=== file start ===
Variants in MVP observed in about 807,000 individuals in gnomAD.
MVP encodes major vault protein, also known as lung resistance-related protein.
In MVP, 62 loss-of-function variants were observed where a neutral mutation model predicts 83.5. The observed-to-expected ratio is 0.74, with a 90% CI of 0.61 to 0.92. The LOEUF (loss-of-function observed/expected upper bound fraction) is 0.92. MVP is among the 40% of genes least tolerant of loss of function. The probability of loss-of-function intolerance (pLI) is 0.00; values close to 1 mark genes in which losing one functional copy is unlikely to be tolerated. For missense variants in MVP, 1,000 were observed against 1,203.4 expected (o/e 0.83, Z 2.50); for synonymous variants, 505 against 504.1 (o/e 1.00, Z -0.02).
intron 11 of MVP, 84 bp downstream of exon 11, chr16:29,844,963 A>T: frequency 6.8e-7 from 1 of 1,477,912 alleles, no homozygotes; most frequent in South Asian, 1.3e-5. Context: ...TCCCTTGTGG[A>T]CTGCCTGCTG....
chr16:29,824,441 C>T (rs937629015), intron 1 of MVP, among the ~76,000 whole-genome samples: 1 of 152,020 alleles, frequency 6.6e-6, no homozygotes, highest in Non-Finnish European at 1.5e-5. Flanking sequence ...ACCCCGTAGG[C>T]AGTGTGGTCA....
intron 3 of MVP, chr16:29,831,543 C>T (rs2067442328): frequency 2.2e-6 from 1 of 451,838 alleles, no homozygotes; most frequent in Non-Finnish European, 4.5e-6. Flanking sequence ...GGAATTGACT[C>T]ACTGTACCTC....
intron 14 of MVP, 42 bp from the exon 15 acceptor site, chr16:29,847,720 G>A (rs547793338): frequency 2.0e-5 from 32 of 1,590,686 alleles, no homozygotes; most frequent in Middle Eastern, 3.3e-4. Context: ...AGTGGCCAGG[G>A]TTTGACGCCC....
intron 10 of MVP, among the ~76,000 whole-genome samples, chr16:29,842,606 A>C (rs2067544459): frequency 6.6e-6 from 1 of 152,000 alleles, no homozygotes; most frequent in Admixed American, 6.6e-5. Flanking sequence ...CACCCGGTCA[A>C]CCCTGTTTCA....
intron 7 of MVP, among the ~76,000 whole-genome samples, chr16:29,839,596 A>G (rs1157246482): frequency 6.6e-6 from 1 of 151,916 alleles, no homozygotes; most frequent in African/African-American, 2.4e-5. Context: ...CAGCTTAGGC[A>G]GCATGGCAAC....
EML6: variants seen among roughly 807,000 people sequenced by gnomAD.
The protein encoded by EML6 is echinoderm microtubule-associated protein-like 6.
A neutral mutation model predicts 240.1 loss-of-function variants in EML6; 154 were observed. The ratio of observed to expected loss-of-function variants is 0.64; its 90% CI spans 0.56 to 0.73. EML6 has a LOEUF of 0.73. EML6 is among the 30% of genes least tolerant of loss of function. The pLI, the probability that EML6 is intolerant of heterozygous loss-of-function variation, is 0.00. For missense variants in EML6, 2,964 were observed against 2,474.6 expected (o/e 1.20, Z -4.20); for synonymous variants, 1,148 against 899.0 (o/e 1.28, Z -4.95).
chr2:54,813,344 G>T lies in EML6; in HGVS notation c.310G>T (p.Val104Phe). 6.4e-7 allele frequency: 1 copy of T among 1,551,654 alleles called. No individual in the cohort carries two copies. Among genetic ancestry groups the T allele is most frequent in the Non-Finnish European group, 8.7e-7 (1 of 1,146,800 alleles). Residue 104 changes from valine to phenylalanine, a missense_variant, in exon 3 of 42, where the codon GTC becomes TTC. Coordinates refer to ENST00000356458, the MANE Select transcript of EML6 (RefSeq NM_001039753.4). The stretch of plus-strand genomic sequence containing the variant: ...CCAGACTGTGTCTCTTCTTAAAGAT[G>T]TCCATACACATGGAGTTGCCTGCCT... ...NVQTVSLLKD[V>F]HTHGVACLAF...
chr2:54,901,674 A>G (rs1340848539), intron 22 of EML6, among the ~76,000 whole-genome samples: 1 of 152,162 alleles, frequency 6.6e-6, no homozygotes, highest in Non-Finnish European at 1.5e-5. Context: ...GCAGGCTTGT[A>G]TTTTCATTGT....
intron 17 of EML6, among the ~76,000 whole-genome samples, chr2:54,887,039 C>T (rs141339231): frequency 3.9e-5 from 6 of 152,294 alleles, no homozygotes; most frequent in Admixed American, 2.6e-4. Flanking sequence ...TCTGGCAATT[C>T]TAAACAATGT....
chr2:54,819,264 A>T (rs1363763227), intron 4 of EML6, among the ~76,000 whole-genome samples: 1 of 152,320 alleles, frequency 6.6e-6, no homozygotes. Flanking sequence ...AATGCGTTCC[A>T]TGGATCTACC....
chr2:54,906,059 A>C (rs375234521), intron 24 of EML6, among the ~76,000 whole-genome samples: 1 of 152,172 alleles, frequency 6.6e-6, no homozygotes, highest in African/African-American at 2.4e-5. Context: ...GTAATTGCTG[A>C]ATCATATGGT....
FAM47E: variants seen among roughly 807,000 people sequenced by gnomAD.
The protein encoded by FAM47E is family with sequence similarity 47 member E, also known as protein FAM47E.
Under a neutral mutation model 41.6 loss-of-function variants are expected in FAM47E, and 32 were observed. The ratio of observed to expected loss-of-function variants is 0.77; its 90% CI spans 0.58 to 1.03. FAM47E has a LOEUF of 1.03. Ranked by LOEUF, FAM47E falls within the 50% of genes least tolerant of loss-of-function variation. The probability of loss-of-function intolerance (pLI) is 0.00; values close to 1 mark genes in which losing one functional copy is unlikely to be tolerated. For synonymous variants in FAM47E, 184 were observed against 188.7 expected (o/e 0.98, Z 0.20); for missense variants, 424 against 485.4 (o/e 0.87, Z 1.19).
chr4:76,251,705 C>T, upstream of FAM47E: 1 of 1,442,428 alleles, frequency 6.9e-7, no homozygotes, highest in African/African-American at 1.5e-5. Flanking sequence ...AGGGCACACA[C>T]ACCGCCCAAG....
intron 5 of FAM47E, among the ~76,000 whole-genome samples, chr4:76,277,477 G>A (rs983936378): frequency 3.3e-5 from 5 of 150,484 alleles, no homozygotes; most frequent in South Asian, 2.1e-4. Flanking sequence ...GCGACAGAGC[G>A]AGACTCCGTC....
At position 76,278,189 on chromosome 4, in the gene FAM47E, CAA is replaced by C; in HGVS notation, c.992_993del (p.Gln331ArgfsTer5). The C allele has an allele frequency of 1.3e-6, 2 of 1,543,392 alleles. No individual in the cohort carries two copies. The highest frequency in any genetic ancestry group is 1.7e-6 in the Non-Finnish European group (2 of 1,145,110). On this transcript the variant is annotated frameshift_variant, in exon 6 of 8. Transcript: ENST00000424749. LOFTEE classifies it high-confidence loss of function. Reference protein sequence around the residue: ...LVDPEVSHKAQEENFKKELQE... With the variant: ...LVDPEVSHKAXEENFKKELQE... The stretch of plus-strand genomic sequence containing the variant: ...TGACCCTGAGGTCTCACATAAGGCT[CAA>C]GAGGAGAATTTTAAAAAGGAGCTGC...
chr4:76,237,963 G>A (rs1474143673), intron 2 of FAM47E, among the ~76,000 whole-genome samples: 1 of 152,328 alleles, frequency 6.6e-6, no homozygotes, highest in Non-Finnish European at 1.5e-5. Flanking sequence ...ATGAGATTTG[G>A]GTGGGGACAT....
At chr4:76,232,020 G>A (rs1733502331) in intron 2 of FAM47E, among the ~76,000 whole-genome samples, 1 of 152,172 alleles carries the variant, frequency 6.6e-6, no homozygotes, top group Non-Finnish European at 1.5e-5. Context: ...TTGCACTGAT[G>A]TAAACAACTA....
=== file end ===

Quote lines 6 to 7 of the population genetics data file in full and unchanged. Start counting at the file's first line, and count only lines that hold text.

intron 3 of MVP, chr16:29,831,543 C>T (rs2067442328): frequency 2.2e-6 from 1 of 451,838 alleles, no homozygotes; most frequent in Non-Finnish European, 4.5e-6. Flanking sequence ...GGAATTGACT[C>T]ACTGTACCTC....
intron 14 of MVP, 42 bp from the exon 15 acceptor site, chr16:29,847,720 G>A (rs547793338): frequency 2.0e-5 from 32 of 1,590,686 alleles, no homozygotes; most frequent in Middle Eastern, 3.3e-4. Context: ...AGTGGCCAGG[G>A]TTTGACGCCC....